Lake Champlain Geology

Lake Champlain Geology - present

Lake Champlain Basin- at present

Lake Champlain’s Location

Lake Champlain is located on the Champlain Valley between the Green Mountains of Vermont and the Adirondack Mountains of New York state. It flows north and is drained by the Richelieu River, which in turn flows into the Saint Lawrence River at Sorel-Tracy, Quebec.

The major feeders for Lake Champlain are Otter Creek, the Winooski, Lamoille and Missisquoi Rivers in Vermont and New York’s Ausable, Chazy, Boquet and Saranac Rivers. Lake Champlain also receives water from the 32 (51 km) mile long Lake George via the LaChute River. This means that Lake Champlain receives water not only from the northwestern slopes of the Green Mountains and the northeastern peaks of the Adirondacks, but it also drains the north and west slopes of Massachusetts’ Berkshire Mountains. Lake Champlain is connected to the Hudson River by the Champlain Canal.

Lake Champlain is one of many large lakes that are found in an arc from Labrador through the northern United States and into the Northwest Territories of Canada.  Although smaller than any of the Great Lakes, it is the largest freshwater lake in North America after the Great Lakes.

The lake level of Lake Champlain typically varies seasonally from 95 to 101 feet (29 to 30 m) above mean sea level. 2011 brought the highest lake levels in recorded history at 103.57 feet above sea level after exceptionally heavy late snowfalls and heavy spring rains.



Lake Champlain Geology & Geologic Composition

Lake Champlain’s geology is very interesting. The Champlain Valley is considered part of the Great Appalachian Valley, which reaches from Quebec to Alabama. It is a physiographic section (geomorphic, or physiographic, regions are broad-scale subdivisions based on terrain texture, rock type, and geologic structure and history) of the Saint Lawrence Valley, which is, in turn, part of the larger Appalachian physiographic division.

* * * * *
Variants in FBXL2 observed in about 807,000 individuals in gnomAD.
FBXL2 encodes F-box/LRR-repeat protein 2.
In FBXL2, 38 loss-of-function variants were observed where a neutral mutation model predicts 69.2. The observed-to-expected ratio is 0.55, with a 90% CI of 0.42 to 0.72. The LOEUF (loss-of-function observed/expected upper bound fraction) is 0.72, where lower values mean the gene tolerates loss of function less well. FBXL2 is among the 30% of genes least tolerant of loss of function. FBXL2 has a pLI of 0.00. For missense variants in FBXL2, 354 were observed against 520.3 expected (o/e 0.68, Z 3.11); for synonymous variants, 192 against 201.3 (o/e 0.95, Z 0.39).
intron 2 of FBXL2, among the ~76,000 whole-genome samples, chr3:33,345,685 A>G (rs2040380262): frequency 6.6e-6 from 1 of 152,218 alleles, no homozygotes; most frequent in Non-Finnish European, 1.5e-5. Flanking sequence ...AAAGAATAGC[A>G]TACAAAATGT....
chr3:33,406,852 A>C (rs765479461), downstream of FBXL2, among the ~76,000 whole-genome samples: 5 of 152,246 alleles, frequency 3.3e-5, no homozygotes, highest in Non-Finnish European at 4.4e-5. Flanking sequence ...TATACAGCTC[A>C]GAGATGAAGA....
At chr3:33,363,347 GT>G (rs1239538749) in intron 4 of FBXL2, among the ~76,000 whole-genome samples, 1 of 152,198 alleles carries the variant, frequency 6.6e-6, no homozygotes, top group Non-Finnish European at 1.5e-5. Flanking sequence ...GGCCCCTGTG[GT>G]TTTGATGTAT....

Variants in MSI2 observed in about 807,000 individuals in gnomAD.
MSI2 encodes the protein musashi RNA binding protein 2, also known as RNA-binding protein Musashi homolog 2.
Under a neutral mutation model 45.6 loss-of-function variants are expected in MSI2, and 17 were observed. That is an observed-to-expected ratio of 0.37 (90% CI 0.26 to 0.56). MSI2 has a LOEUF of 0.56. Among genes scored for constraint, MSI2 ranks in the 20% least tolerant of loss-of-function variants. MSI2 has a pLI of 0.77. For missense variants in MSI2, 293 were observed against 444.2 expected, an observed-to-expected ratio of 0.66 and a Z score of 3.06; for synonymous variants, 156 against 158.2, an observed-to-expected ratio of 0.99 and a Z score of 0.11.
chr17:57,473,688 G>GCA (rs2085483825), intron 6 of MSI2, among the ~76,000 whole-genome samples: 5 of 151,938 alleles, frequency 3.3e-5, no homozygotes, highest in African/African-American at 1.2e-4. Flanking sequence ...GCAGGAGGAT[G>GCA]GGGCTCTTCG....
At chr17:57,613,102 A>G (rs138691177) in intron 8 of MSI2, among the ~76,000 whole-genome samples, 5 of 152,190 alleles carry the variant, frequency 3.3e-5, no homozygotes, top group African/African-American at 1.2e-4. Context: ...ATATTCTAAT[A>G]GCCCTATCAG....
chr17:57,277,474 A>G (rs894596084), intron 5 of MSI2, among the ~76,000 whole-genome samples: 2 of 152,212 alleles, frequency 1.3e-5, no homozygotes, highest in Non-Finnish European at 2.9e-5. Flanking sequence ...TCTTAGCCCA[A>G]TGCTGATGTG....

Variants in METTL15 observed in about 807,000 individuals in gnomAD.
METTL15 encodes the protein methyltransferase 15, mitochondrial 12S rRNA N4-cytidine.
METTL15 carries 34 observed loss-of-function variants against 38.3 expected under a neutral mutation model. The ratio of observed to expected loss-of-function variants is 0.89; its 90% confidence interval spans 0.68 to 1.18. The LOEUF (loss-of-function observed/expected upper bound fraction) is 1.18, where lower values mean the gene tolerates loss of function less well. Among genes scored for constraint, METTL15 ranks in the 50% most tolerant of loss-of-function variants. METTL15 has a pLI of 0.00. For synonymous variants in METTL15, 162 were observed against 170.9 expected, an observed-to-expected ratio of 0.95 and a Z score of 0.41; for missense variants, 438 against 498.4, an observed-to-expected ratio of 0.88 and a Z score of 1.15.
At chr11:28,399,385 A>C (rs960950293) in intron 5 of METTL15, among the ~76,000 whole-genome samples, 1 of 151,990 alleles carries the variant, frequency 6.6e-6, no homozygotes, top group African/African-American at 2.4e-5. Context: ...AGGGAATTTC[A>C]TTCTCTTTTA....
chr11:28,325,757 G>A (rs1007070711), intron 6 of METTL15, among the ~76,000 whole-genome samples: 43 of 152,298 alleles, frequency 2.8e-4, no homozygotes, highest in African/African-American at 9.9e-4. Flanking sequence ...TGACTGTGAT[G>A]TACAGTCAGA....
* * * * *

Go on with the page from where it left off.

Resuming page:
Lake Champlain Geology - 12,000 years ago

Lake Champlain Basin- 12,000 years ago


Climate Change and the Champlain Basin


Between 20,000 and 10,000 years ago the Champlain Basin was part of a great inland sea that was a temporary inlet of the Atlantic Ocean, a para-tropical sub sea, or epeiric sea, called the Champlain Sea. It was created by the retreating glaciers during the close of the last ice age. The Sea once included lands in what are now the Canadian provinces of Quebec and Ontario, as well as parts of the American states of New York and Vermont. This sea extended to the west of present day Ottawa, Ontario in Canada.

Modern evidence of the sea can be seen in the form of whale fossils, (beluga, fin whales and bowhead whales) and marine shells that have been found in Vermont  and near the cities of Ottawa, Ontario, and Montreal,  Quebec, the existence of ancient shorelines in the former coastal regions, and the presence of Leda clay deposits dotting the region. From Mount Pakenham, Ontario, the viewable ancient coastline to the northeast is roughly 25 miles (40 km) away and is known today as the Eardley Escarpment; part of the Gatineau Hills in the province of Quebec.



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  1. Tom McHugh says:

    thank you for your comments.

  2. Tom McHugh says:

    Thank you for your kind comments. Please feel free to share the blog with your twitter group. We can be found on twitter at

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